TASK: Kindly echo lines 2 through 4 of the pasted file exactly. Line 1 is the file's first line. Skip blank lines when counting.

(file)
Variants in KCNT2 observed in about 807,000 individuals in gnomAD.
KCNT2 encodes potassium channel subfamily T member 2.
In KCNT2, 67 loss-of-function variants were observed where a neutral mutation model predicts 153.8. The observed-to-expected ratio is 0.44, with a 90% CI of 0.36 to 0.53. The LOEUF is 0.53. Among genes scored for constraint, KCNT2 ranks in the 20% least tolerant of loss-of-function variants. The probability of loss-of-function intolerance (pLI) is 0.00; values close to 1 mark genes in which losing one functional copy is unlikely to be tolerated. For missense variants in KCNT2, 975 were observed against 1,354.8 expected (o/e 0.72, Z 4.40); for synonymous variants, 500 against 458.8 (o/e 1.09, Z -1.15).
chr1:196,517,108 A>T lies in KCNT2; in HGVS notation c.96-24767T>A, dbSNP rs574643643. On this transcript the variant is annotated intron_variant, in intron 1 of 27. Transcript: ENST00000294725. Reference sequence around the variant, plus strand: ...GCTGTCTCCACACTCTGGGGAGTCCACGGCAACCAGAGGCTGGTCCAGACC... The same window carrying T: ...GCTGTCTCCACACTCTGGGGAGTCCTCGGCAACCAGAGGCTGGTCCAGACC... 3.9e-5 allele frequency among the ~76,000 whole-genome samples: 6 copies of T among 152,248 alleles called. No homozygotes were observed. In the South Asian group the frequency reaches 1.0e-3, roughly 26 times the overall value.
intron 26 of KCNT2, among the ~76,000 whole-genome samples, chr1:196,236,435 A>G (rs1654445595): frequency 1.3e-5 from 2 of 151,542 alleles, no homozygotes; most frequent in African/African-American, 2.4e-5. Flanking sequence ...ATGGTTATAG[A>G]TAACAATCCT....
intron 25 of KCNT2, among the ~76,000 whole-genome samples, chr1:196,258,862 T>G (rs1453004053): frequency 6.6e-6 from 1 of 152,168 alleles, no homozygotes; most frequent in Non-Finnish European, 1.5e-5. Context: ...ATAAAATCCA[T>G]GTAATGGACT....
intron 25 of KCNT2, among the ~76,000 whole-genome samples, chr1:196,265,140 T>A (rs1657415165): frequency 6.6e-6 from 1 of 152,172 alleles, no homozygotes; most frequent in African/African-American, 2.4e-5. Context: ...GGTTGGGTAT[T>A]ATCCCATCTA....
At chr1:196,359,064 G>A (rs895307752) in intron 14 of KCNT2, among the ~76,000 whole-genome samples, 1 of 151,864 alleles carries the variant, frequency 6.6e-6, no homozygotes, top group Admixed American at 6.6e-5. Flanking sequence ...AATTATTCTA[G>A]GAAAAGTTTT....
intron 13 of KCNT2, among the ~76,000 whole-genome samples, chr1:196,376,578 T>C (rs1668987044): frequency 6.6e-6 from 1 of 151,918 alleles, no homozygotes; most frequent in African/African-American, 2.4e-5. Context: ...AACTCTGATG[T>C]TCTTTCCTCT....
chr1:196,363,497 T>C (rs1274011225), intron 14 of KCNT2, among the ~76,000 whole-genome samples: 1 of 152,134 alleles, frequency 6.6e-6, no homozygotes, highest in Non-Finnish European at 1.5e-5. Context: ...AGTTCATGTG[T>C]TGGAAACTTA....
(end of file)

KCNT2 encodes potassium channel subfamily T member 2.
In KCNT2, 67 loss-of-function variants were observed where a neutral mutation model predicts 153.8. The observed-to-expected ratio is 0.44, with a 90% CI of 0.36 to 0.53. The LOEUF is 0.53. Among genes scored for constraint, KCNT2 ranks in the 20% least tolerant of loss-of-function variants. The probability of loss-of-function intolerance (pLI) is 0.00; values close to 1 mark genes in which losing one functional copy is unlikely to be tolerated. For missense variants in KCNT2, 975 were observed against 1,354.8 expected (o/e 0.72, Z 4.40); for synonymous variants, 500 against 458.8 (o/e 1.09, Z -1.15).
chr1:196,517,108 A>T lies in KCNT2; in HGVS notation c.96-24767T>A, dbSNP rs574643643. On this transcript the variant is annotated intron_variant, in intron 1 of 27. Transcript: ENST00000294725. Reference sequence around the variant, plus strand: ...GCTGTCTCCACACTCTGGGGAGTCCACGGCAACCAGAGGCTGGTCCAGACC... The same window carrying T: ...GCTGTCTCCACACTCTGGGGAGTCCTCGGCAACCAGAGGCTGGTCCAGACC... 3.9e-5 allele frequency among the ~76,000 whole-genome samples: 6 copies of T among 152,248 alleles called. No homozygotes were observed. In the South Asian group the frequency reaches 1.0e-3, roughly 26 times the overall value.